The roller coaster of life may be an apt analogy, at least for a person's happiness. After an all-time high as youths, life satisfaction declines as people enter their 40s and 50s. The good news is it rebounds slightly later in life, possibly because worries drop and contentment grows, new research suggests.
Population-level happiness ratings form a U-shaped curve over lifetime, starting out high in youth, maybe because of an optimistic outlook. As people age, enter the work force and start having families, happiness levels drop and eventually bottom out between the late 30s and early 50s.
Happiness levels rebound by about age 60, possibly because people have gained a wisdom or acceptance about their life and are satisfied with the goals that they've obtained. This doesn't mean that a 65-year-old wouldn't rather be 25, but they are satisfied with the life they've led. [Does Old Age Bring Happiness or Despair?]
"When you look at the 65-year-old and 25-year-old they have the same levels of happiness," said study researcher Bert Van Landeghem, of Maastricht University in the Netherlands. "But, the 65-year-old wouldn't want to live the life of a 25-year-old, their life aspirations have changed."
Interestingly, this level drops off again around age 75, perhaps because of loss of friends or poorer health and lucidity.
Studying population happiness
Van Landeghem's study followed a group of almost 45,000 Germans from 1984 to 2007 (they were between 17 and 85 when the study started). Every year, each person answered the question, "On a scale of 0 (very unsatisfied) to 10 (very satisfied), how satisfied are you with your life, everything taken together?"
The study used this long-term study data to separate the satisfaction curve from other factors like year of birth, because different generations could have different outlooks on life. No matter how he looked at the data, the U-shaped satisfaction curve remained, Van Landeghem said.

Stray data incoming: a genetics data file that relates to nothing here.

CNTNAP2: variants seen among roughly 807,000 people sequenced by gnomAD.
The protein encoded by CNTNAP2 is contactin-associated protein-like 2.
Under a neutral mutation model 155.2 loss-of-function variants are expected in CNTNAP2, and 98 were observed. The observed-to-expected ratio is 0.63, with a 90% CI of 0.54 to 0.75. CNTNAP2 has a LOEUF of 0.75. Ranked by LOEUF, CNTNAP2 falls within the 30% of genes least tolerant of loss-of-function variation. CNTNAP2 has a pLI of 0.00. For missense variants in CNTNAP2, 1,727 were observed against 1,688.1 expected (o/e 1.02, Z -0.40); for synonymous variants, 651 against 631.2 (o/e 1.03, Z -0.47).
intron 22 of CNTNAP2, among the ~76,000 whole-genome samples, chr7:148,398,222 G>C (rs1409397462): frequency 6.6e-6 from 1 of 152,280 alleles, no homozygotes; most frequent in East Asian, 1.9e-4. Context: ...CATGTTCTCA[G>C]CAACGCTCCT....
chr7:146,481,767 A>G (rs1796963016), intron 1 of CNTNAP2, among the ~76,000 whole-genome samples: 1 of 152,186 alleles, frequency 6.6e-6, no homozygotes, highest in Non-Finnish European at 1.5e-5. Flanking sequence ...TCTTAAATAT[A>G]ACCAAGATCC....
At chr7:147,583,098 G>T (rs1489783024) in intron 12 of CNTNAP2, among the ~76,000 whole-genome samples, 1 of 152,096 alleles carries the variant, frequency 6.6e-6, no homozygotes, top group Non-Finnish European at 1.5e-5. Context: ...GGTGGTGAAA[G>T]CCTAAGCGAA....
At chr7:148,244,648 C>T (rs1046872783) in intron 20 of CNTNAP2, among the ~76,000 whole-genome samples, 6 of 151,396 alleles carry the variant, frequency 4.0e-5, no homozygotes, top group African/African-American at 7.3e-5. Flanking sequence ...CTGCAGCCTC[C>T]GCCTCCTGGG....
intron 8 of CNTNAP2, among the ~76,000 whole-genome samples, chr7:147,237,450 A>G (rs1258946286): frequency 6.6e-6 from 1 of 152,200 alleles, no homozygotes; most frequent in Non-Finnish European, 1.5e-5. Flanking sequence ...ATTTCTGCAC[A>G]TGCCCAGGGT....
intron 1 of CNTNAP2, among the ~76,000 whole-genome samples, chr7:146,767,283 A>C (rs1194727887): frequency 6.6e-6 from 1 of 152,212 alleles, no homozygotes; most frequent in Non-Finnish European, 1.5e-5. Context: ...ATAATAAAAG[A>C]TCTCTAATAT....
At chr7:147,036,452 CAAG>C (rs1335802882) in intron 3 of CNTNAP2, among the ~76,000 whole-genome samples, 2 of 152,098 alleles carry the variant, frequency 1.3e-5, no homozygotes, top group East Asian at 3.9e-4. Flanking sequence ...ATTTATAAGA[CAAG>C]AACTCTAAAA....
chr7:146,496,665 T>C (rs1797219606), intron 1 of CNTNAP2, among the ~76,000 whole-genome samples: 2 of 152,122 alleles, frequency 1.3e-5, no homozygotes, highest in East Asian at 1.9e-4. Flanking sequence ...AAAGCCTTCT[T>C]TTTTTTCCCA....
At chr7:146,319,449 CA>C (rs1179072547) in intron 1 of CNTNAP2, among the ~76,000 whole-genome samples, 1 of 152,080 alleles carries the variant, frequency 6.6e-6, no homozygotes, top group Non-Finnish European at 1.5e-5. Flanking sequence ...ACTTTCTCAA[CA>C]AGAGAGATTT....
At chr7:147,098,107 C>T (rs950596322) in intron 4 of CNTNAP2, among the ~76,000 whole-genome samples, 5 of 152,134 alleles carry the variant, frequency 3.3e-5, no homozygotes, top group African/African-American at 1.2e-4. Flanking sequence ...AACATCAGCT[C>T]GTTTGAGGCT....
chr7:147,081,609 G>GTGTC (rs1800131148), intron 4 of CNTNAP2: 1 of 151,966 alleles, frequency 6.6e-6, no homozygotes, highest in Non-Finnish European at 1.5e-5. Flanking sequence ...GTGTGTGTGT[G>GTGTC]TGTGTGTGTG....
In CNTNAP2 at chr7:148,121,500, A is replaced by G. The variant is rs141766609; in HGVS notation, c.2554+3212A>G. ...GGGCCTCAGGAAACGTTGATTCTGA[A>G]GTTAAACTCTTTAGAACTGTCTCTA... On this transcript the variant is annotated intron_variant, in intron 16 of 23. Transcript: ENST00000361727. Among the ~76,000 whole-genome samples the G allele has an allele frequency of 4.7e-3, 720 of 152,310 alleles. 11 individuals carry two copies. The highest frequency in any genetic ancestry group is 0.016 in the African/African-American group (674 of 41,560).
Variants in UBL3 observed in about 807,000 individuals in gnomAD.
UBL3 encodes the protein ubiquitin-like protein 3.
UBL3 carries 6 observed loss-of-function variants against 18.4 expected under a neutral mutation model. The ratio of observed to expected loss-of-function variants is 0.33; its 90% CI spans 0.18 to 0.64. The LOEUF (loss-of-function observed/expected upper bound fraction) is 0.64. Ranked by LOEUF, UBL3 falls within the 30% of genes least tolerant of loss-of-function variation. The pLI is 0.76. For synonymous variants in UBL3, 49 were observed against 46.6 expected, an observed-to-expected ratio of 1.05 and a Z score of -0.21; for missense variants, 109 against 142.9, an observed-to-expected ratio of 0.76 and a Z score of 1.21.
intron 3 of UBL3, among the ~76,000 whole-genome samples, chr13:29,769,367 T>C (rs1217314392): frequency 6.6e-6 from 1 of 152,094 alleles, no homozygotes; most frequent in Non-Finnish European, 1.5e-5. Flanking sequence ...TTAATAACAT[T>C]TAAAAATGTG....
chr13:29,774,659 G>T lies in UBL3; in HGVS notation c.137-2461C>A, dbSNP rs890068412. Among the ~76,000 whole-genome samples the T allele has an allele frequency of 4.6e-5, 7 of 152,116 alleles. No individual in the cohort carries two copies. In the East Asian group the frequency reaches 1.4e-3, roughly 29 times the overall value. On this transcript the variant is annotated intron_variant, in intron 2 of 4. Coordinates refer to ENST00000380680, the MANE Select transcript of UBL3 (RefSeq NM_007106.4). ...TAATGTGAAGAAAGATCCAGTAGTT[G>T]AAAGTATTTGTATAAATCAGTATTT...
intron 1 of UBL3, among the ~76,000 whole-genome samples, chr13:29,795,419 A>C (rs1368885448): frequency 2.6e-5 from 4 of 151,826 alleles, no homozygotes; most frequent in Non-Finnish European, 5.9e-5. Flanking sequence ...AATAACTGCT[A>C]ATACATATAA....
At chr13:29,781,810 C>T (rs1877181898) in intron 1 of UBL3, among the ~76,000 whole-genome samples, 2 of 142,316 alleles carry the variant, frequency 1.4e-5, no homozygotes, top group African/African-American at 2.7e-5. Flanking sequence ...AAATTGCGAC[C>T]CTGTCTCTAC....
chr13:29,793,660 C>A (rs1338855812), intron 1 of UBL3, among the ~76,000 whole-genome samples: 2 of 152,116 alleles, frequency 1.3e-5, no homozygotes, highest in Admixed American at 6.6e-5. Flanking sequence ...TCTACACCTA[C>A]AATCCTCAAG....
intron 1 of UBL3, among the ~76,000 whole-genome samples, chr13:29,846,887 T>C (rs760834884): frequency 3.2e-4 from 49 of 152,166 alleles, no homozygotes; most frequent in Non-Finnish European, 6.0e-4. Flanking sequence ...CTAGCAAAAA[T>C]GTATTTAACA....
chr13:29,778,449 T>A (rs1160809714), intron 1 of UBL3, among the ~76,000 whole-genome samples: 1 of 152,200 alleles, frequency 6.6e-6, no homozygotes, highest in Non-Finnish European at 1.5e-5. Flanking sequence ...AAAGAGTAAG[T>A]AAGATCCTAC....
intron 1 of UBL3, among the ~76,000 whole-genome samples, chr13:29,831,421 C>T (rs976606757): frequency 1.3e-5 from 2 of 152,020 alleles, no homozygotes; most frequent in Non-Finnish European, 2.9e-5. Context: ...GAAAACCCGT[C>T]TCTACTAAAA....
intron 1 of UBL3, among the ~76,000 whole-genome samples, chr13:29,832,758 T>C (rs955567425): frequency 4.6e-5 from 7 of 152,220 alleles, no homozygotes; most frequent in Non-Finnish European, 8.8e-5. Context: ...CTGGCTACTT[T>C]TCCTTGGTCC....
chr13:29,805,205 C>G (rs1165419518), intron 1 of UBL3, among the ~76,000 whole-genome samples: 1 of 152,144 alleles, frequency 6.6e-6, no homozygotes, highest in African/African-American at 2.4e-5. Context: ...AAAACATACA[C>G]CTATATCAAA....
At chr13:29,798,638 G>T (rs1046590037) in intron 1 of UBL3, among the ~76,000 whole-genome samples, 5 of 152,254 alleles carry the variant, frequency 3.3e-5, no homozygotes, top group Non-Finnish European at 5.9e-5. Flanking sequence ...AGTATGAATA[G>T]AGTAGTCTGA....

The changes in happiness levels over a lifetime are the equivalent of the dip in well-being most people have when they experience negative life events like disability or unemployment. Previous research has shown these fluctuations might result in increased worry during midlife. Perhaps this decline in satisfaction is one reason most parents overestimate their happiness when faced with the economic cost of children.
Other emotions, such as anger and sadness, show different curves. Levels of stress and anger decline sharply after puberty, while sadness levels are flat in every age group, Van Landeghem told LiveScience. In fact, past research has shown that people in their mid- to late-50s experience less stress and worry than those in their 20s.
Other studies have shown slightly different results on happiness levels over a lifetime. For instance, Kennon Sheldon of the University of Missouri told LiveScience that his data points to a slight increase in well-being with age, without the U-shaped dip. He has seen that older adults are more motivated to do things for their own interests and feelings than based on guilt or pressure from others, though, which might help explain their greater happiness, he said.
The debate continues, though, because similar U-shaped patterns are seen in other data sets, including several studies in the United States. Daniel Mroczeck, of Purdue University in Indiana, led one of these studies. His work focused on participants over 50, but also found the same bump in happiness in old age. Some research has gotten so bold as to narrow down what makes for happiness, suggesting it comes with being old, male and Republican.
And while the newly identified U-shaped pattern shows up consistently in many populations, it doesn't mean happiness dips in mid-age for every person.
"The overall pattern may show convexity [a u-shape] over the life span, but a concave [n-shaped] pattern from 50 and up; however, this is an average pattern," Mroczeck told LiveScience in an email. "What is often ignored is that large amount of interesting variation around the overall pattern."
The work is being presented by Van Landeghem at the Royal Economic Society's annual conference in London.